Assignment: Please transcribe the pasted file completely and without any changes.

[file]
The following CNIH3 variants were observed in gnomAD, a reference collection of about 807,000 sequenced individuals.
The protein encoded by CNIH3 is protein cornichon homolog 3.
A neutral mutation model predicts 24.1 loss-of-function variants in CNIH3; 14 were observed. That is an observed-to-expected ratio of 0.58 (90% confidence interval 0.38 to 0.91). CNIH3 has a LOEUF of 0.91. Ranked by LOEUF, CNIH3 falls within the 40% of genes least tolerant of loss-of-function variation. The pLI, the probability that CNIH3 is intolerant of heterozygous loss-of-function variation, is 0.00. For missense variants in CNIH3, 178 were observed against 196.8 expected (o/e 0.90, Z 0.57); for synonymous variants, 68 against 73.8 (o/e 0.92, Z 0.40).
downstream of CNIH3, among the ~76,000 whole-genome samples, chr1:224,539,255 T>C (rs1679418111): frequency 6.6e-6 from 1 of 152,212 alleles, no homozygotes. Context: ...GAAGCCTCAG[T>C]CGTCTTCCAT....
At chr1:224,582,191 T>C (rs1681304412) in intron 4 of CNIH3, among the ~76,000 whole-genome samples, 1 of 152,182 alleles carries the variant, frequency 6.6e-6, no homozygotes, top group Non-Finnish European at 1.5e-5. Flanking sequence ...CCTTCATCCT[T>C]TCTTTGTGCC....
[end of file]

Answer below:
The following CNIH3 variants were observed in gnomAD, a reference collection of about 807,000 sequenced individuals.
The protein encoded by CNIH3 is protein cornichon homolog 3.
A neutral mutation model predicts 24.1 loss-of-function variants in CNIH3; 14 were observed. That is an observed-to-expected ratio of 0.58 (90% confidence interval 0.38 to 0.91). CNIH3 has a LOEUF of 0.91. Ranked by LOEUF, CNIH3 falls within the 40% of genes least tolerant of loss-of-function variation. The pLI, the probability that CNIH3 is intolerant of heterozygous loss-of-function variation, is 0.00. For missense variants in CNIH3, 178 were observed against 196.8 expected (o/e 0.90, Z 0.57); for synonymous variants, 68 against 73.8 (o/e 0.92, Z 0.40).
downstream of CNIH3, among the ~76,000 whole-genome samples, chr1:224,539,255 T>C (rs1679418111): frequency 6.6e-6 from 1 of 152,212 alleles, no homozygotes. Context: ...GAAGCCTCAG[T>C]CGTCTTCCAT....
At chr1:224,582,191 T>C (rs1681304412) in intron 4 of CNIH3, among the ~76,000 whole-genome samples, 1 of 152,182 alleles carries the variant, frequency 6.6e-6, no homozygotes, top group Non-Finnish European at 1.5e-5. Flanking sequence ...CCTTCATCCT[T>C]TCTTTGTGCC....